Why have a Safe Zone program? 

  • Approximately 3.6 percent of the population in Ohio identifies as LGBT, this means that LGBT and questioning students are present on our college campus, many of whom are in various stages of identity development and are in need of support regardless of the school’s affiliation. Moreover, homosexuality is an identity that is often invisible. The Safe Zone program asserts a visual statement of support to our lesbian, gay, bisexual, transgender, and queer (LGBTQ) students.
  • To see a partial list of other schools with an Ally & Safe Zone program visit the American College Student Personnel Association’s Standing Committee for LGBTQ Awareness.

Is Safe Zone appropriate at a Jesuit university? 

  • Yes. Students are educated at John Carroll University in the Jesuit tradition of cura personalis, the care of the whole person. Briefly stated, the mission of the University is “a commitment to a church within the world, serving the human search for truth and value, and for justice and solidarity.” John Carroll inspires individuals to excel in learning, leadership, and service in the region and in the world. To achieve this goal, the University creates an inclusive community where differing points of view and experience are valued as opportunities for mutual learning. Lastly, the University is committed to the intellectual, spiritual, emotional, and physical development of each student.
  • Programs like Safe Zone help to increase awareness and support for the LGBTQ community on campus. Many Jesuit Universities have Safe Zone programs, including Georgetown University, Santa Clara University, University of San Francisco, Boston College, and Loyola University Chicago. The Safe Zone program at John Carroll University was developed with input and support from campus stakeholders.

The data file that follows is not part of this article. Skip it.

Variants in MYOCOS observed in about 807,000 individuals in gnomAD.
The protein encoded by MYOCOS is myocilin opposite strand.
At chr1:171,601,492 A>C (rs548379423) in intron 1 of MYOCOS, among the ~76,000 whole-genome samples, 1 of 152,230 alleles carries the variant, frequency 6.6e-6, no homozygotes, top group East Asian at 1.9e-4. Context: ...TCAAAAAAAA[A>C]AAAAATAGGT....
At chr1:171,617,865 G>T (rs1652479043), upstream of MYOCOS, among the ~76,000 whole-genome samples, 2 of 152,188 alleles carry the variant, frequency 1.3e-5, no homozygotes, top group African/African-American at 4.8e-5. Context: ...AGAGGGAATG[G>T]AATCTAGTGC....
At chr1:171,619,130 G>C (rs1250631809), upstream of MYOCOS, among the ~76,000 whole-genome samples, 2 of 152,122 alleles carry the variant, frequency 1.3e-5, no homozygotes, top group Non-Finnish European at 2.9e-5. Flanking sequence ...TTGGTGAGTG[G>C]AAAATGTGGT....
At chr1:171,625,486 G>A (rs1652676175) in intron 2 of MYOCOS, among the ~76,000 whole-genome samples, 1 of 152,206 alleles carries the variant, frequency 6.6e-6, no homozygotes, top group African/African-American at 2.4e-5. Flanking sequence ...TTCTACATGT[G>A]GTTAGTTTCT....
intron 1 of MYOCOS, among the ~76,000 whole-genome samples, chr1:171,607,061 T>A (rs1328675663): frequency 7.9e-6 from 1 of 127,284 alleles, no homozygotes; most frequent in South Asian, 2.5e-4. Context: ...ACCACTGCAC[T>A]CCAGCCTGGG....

What is an ally?  

  • In the most general sense, an “ally” is a person who is a member of the majority group who works to end oppression in their personal and professional life through support of, and as an advocate for, the oppressed population. Allies to racial, religious, and ethnic minorities have been remarkably effective in promoting positive change in the dominant culture, and only recently has their instrumental role been extended to the area of sexual orientation. The past few years have witnessed the development of heterosexual ally organizations which have attempted to make the culture of a campus or workplace more aware and accepting of gay, lesbian, bisexual, transgender, questioning/queer, and intersex individuals. (Adapted from Washington & Evans, Becoming an Ally)

What are the responsibilities of an ally? 

  • Allies commit to foster a campus environment where homophobia is not tolerated and heterosexism is challenged. They continue to educate themselves on how to be an ally for LGBTQ people.

What are the benefits? 

  • Safe Zone fosters the opportunity to interact and learn from one another in our diverse community. Allies make a difference on campus—even if they don’t see or hear it all the time. Allies live out the Jesuit mission by making a personal contribution to improving the environment of our campus and the lives of our students.

What can I expect? 

  • Students may be more at ease with you and they may censor themselves less in your office, resulting in a more genuine exchange. Students may not necessarily behave differently, but will feel more welcome and secure.

Why is this particular group being singled out?